Global 2010/11 coarse grain trade is lowered slightly this month with lower corn imports for the Philippines and South Korea partly offset by small increases in corn imports for Saudi Arabia and sorghum imports by EU-27. Corn exports are raised 0.5 million tons each for EU-27 and Serbia mostly offsetting the 1.3-million-ton reduction for the United States. Global coarse grain consumption for 2010/11 is lowered slightly as higher corn feeding in China and Argentina are mostly offset by reduced corn feeding in EU-27, South Korea, and the Philippines. Oats and barley consumption are also lowered with reduced oat feeding in Russia and China and reduced barley feeding in EU-27 and China. Global corn ending stocks are lowered 3.2 million tons. At 129.2 million tons, world corn stocks would be the lowest since 2006/07, the first year of the rapid expansion in U.S. ethanol production and use.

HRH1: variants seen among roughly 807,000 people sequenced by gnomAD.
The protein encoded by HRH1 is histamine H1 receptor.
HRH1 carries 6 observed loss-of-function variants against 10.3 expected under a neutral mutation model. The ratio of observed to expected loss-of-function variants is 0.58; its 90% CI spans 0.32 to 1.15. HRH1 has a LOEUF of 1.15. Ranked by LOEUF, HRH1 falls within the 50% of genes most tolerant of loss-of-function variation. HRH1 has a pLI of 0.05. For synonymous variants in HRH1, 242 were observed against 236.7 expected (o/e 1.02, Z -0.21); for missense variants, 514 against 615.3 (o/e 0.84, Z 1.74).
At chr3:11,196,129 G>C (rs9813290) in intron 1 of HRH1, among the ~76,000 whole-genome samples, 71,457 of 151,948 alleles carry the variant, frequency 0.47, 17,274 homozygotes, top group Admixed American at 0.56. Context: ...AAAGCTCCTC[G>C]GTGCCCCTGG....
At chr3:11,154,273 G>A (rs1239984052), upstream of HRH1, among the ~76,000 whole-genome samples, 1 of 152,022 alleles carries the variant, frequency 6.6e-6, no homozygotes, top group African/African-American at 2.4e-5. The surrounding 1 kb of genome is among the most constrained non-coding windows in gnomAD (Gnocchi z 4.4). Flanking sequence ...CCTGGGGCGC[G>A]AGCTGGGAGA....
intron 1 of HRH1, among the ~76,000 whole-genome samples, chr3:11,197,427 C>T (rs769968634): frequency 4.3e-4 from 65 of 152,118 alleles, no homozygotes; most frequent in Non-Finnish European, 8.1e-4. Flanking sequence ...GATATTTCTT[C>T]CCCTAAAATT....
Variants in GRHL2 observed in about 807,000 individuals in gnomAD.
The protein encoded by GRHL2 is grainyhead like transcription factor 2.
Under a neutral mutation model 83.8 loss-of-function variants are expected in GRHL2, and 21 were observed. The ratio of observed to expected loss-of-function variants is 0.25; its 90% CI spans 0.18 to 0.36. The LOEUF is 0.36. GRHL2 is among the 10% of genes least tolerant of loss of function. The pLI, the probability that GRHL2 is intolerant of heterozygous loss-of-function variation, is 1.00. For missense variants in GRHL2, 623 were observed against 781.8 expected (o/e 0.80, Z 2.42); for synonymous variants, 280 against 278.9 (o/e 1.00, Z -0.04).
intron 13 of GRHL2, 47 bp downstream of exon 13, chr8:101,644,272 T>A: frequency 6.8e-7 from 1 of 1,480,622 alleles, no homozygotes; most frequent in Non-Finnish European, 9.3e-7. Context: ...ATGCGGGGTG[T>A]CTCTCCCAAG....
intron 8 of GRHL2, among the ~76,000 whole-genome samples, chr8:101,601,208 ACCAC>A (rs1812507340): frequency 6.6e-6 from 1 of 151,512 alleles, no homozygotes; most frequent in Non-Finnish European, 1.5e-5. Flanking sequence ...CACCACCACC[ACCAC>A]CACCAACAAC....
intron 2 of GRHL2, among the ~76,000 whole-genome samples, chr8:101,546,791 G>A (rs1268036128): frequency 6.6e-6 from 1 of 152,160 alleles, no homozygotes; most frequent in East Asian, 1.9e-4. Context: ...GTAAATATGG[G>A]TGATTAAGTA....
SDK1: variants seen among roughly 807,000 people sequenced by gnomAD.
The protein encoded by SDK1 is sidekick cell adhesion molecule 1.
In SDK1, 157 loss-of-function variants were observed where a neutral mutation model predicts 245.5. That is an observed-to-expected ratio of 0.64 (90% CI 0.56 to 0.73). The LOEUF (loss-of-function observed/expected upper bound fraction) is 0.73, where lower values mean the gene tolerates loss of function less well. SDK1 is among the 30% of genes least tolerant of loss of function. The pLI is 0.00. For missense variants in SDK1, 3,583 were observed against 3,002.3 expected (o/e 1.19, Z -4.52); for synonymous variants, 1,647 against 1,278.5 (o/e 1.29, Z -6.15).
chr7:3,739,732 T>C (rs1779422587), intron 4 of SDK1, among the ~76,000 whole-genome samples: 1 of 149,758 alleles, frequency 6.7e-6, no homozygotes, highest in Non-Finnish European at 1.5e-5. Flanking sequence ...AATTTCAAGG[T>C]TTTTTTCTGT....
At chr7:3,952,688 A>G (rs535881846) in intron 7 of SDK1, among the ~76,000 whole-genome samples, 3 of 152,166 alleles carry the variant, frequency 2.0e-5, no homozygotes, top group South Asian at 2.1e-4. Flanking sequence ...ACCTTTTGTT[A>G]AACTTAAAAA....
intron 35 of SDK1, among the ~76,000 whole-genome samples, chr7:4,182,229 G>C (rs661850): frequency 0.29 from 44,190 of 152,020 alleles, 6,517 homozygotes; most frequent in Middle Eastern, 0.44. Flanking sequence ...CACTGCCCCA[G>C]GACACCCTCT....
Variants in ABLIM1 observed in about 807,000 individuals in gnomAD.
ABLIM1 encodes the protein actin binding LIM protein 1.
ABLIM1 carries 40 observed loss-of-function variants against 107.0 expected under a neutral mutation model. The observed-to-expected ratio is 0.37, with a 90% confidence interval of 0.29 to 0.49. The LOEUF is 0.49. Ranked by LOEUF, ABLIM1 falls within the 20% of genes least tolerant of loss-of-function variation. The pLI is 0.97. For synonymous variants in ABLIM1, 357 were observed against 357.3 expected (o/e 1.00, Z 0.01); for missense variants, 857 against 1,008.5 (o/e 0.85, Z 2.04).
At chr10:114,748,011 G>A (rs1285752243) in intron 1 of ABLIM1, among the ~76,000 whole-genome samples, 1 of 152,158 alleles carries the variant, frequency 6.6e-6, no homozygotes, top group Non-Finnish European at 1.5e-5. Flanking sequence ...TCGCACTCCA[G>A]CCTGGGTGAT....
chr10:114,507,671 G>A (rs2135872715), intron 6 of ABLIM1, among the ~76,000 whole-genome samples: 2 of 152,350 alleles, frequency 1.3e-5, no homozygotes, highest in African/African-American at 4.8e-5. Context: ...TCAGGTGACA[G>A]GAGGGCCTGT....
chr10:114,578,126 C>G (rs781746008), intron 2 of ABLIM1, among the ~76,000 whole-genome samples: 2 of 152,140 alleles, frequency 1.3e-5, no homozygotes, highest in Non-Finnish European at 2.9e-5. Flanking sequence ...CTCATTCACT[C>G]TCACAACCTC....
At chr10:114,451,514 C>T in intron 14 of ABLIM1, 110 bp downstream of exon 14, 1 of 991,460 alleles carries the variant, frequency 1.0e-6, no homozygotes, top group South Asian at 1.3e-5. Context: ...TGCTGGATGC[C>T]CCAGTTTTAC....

WHEAT: U.S. wheat ending stocks for 2010/11 are projected 5 million bushels lower this month as downward production revisions of 11 million bushels for Hard Red Spring (HRS) wheat and 4 million bushels for durum more than offset higher projected imports. Imports are raised 10 million bushels with increases for Soft Red Winter (SRW) wheat and durum. Exports are unchanged, but shifts among classes result in higher projected exports of Hard Red Winter and HRS wheat and reductions for SRW and durum. The projected season-average price received by producers is narrowed 5 cents on each end of the range to $5.25 to $5.75 per bushel. Heavy early season marketings and forward sales limit upside potential for the season-average farm price.